By Monika Manser


The most frequent way of praying that Saint Ignatius uses is that of imagining ourselves in a Gospel scene. We imagine ourselves as a character in the story. We take part in the story, seeing Jesus and all the other people, being aware of what’s going on and how we are feeling. The purpose of praying with the imagination is to allow Christ in the Scripture to speak to us. To bring the Gospel stories to life for us. We are not trying to recreate history. It doesn’t matter if your imagination takes the story off in a different direction to the Scripture. It doesn’t matter if the story takes place in 1st century Palestine or where we live now in the 21st century. What is important is what God wants to say to us through this passage.

Sit and relax by focussing on your breathing for a few minutes so that you can contemplate the Gospel using your imagination.


Acknowledge you are in the presence of God by saying the following prayer:

Direct O Lord and guide and influence all that is happening in my mind and heart during this time of prayer: all my moods and feelings, my memories and imaginings; my hopes and desires; may all be directed and influenced to your greater glory, praise and service and to my growth in your Spirit.


Let the Spirit enter our hearts and enlighten our minds so we too have the courage to approach Jesus in our desperation and ask for the healing we need.


Mark 1:40-46

A leper came to him and pleaded on his knees: ‘If you want to’ he said ‘you can cure me’. Feeling sorry for him, Jesus stretched out his hand and touched him. ‘Of course I want to!’ he said. ‘Be cured!’ And the leprosy left him at once and he was cured. Jesus immediately sent him away and sternly ordered him, ‘Mind you say nothing to anyone, but go and show yourself to the priest, and make the offering for your healing prescribed by Moses as evidence of your recovery’.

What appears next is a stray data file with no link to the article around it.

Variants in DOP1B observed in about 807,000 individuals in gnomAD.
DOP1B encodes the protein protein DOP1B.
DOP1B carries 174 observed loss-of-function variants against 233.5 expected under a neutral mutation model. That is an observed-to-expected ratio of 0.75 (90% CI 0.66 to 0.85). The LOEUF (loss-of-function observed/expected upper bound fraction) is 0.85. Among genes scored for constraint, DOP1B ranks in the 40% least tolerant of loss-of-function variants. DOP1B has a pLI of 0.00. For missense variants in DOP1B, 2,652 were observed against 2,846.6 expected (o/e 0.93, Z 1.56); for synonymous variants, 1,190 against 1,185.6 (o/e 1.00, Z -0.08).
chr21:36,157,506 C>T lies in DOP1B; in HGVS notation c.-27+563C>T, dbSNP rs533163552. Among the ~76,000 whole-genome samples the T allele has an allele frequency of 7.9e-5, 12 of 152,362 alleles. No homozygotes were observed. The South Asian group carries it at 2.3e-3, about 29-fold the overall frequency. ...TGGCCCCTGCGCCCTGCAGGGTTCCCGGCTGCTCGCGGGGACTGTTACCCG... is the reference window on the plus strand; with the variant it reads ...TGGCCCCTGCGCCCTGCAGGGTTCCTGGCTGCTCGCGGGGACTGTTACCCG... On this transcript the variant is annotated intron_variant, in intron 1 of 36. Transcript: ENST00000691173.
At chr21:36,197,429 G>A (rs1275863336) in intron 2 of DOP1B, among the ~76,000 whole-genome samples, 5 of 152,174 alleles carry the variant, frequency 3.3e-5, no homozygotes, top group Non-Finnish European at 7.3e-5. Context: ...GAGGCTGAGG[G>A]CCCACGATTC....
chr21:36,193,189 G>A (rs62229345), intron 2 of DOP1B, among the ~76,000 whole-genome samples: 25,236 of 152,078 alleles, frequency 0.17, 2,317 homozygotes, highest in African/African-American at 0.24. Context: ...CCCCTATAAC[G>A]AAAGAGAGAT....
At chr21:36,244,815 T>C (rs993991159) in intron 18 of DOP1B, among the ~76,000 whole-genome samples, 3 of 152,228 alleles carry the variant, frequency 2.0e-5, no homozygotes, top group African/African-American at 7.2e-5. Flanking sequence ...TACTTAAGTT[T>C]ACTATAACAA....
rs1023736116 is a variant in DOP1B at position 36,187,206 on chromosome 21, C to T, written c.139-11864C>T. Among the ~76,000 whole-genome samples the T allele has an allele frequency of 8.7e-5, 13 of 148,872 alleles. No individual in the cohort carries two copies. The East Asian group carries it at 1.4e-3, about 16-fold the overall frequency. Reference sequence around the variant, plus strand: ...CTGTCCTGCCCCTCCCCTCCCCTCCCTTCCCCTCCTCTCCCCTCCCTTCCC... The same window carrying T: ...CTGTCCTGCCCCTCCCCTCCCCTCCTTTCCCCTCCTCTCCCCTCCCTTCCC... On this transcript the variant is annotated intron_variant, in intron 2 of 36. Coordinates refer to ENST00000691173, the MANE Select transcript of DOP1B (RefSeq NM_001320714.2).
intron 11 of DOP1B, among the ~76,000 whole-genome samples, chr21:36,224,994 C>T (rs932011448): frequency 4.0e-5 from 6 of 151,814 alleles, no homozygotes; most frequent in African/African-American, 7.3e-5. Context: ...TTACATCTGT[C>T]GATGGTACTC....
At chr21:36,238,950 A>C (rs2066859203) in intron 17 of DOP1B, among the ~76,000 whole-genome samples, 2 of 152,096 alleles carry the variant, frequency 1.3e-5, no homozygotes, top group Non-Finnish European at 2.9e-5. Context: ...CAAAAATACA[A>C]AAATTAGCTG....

The man went away, but then started talking about it freely and telling the story everywhere, so that Jesus could no longer go openly into any town, but had to stay outside in places where nobody lived. Even so, people from all around would come to him.


In last Sunday’s Gospel, we saw Jesus coming from the synagogue, healing the sick and driving out evil spirits. going away by himself to pray and then “And he went all through Galilee, preaching in their synagogues and driving out devils”. Let us enter the scene as a leper, someone on the margins of society, someone considered as unclean, approaches Jesus to plead with him.

  • Who are you in the passage? Are you one of the disciples? Perhaps someone who has followed Jesus? Perhaps the man with leprosy? Maybe an on-looker or a passer-by? Perhaps someone else wanting to be healed?

  • You see the leper approaching. How do you feel? Are you afraid when you see him come so near? Are you annoyed because he is breaking the law which orders lepers to keep their distance from people? Do you feel sorry for lepers in general who have to socially and religiously exclude themselves from others?